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Macrocystis integrifolia

Common name:

Giant sargassum, huiro

Distribution and Biology:

Inhabits the Pacific coast of North America and the sub-Antarctic waters of South America, South Africa and New Zealand. It inhabits from the intertidal, forming underwater forests. The lower limit of its bathymetric distribution is at a depth of 30 meters. Like other brown algae, it has structures reminiscent of those of higher plants. Its phylloids ("leaves") are greenish brown in color and can measure more than half a meter in length. Along the cauloid ("stem") there are cysts, which are small air-filled vesicles that serve as floaters. At their base they have a grampon attachment and stipes (thallus), from which the blades emerge towards the surface of the sea, in search of the sun and in constant movement, which helps the oxygenation of the sea. Although these algae are considered of great importance in the industry, in countries where they are abundant, they are not exploited.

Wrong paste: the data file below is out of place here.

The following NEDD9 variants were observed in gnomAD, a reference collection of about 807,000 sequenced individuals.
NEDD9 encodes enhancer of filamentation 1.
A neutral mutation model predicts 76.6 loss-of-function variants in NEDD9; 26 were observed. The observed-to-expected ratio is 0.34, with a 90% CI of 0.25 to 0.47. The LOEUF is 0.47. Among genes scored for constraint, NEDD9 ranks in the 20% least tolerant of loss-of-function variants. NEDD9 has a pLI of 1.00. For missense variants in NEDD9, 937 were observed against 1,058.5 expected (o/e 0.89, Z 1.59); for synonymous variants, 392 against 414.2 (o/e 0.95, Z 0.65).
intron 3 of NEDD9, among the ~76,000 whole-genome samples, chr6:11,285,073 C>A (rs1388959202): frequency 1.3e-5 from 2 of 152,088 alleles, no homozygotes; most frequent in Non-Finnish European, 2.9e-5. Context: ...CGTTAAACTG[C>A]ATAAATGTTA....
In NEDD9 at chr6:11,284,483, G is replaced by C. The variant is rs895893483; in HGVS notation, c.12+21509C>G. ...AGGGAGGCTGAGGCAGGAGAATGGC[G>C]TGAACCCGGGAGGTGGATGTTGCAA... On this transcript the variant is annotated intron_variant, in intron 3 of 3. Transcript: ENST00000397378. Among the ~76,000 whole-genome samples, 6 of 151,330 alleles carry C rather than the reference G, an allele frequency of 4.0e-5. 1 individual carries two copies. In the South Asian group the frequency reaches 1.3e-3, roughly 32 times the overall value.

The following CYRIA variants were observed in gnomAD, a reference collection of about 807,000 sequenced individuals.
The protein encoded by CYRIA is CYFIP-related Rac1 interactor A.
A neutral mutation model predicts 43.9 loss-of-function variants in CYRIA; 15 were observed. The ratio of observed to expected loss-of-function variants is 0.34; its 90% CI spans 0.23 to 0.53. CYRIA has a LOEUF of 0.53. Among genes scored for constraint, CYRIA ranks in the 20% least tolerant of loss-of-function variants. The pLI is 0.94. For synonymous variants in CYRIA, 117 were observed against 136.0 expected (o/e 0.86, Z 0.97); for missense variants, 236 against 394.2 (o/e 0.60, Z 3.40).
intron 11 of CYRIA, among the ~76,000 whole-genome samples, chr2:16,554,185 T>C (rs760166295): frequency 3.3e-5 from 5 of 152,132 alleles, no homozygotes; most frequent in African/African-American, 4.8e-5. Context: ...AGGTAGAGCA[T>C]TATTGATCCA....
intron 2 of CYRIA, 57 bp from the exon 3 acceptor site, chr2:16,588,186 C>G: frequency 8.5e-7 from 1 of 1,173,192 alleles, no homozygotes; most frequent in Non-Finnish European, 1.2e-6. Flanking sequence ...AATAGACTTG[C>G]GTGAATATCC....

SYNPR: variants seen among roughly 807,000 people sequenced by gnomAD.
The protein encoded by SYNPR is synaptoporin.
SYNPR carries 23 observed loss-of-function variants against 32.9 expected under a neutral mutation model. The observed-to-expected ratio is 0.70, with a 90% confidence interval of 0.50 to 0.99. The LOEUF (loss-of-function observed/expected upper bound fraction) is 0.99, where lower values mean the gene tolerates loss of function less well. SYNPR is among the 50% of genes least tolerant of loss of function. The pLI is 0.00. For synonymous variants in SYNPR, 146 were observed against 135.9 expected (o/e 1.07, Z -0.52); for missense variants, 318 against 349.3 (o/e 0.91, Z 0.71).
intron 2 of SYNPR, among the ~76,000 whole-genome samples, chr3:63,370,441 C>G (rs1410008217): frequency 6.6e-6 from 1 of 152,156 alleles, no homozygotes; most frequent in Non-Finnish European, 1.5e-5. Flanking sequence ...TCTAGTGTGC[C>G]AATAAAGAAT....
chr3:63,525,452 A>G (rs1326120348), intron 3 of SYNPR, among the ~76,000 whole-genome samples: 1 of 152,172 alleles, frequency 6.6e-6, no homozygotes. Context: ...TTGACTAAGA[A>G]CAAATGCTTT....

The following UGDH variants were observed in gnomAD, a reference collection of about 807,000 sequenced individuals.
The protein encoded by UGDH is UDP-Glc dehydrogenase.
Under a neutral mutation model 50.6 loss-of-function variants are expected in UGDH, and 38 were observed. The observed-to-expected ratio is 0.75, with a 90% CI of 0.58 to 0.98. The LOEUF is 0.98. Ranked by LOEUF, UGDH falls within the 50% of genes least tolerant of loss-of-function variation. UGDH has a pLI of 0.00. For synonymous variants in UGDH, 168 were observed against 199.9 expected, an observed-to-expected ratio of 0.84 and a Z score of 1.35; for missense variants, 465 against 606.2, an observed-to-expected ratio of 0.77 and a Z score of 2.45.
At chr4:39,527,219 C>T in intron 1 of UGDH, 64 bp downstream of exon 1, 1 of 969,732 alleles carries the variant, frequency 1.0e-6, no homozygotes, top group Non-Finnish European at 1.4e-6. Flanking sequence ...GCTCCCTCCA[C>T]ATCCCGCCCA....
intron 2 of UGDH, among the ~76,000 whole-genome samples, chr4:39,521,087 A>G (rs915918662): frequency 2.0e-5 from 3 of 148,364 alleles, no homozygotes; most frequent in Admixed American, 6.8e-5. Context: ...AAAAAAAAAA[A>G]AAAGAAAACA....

This macroalgae is harvested artisanally on the beaches where it rods, in the southern zone of Ica and Arequipa in Peru. After a primary processing, it is derived to the alginate industry, for the extraction of alginic acid.
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